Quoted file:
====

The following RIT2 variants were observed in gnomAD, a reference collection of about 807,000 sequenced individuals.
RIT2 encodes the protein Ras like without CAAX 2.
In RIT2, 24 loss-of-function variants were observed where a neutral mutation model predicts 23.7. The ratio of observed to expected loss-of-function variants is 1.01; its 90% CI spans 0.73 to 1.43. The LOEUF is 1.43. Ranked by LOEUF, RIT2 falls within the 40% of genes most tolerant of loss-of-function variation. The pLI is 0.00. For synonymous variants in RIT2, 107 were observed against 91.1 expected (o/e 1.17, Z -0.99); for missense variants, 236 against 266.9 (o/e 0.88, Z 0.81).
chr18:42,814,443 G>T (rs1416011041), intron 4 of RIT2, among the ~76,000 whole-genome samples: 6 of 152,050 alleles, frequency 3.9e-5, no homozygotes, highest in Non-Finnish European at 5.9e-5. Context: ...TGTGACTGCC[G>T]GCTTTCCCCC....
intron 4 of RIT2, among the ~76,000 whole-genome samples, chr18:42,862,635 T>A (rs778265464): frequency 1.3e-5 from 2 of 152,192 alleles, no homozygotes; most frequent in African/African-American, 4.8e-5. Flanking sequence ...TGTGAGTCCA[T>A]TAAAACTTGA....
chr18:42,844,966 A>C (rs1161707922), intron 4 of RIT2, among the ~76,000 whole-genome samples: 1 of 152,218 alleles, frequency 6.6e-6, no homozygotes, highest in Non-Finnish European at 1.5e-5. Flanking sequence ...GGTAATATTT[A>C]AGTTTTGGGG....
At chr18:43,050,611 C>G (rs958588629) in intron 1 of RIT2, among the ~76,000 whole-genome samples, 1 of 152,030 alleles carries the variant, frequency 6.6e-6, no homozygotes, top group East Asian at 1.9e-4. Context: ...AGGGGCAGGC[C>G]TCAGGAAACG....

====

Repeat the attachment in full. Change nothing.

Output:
The following RIT2 variants were observed in gnomAD, a reference collection of about 807,000 sequenced individuals.
RIT2 encodes the protein Ras like without CAAX 2.
In RIT2, 24 loss-of-function variants were observed where a neutral mutation model predicts 23.7. The ratio of observed to expected loss-of-function variants is 1.01; its 90% CI spans 0.73 to 1.43. The LOEUF is 1.43. Ranked by LOEUF, RIT2 falls within the 40% of genes most tolerant of loss-of-function variation. The pLI is 0.00. For synonymous variants in RIT2, 107 were observed against 91.1 expected (o/e 1.17, Z -0.99); for missense variants, 236 against 266.9 (o/e 0.88, Z 0.81).
chr18:42,814,443 G>T (rs1416011041), intron 4 of RIT2, among the ~76,000 whole-genome samples: 6 of 152,050 alleles, frequency 3.9e-5, no homozygotes, highest in Non-Finnish European at 5.9e-5. Context: ...TGTGACTGCC[G>T]GCTTTCCCCC....
intron 4 of RIT2, among the ~76,000 whole-genome samples, chr18:42,862,635 T>A (rs778265464): frequency 1.3e-5 from 2 of 152,192 alleles, no homozygotes; most frequent in African/African-American, 4.8e-5. Flanking sequence ...TGTGAGTCCA[T>A]TAAAACTTGA....
chr18:42,844,966 A>C (rs1161707922), intron 4 of RIT2, among the ~76,000 whole-genome samples: 1 of 152,218 alleles, frequency 6.6e-6, no homozygotes, highest in Non-Finnish European at 1.5e-5. Flanking sequence ...GGTAATATTT[A>C]AGTTTTGGGG....
At chr18:43,050,611 C>G (rs958588629) in intron 1 of RIT2, among the ~76,000 whole-genome samples, 1 of 152,030 alleles carries the variant, frequency 6.6e-6, no homozygotes, top group East Asian at 1.9e-4. Context: ...AGGGGCAGGC[C>G]TCAGGAAACG....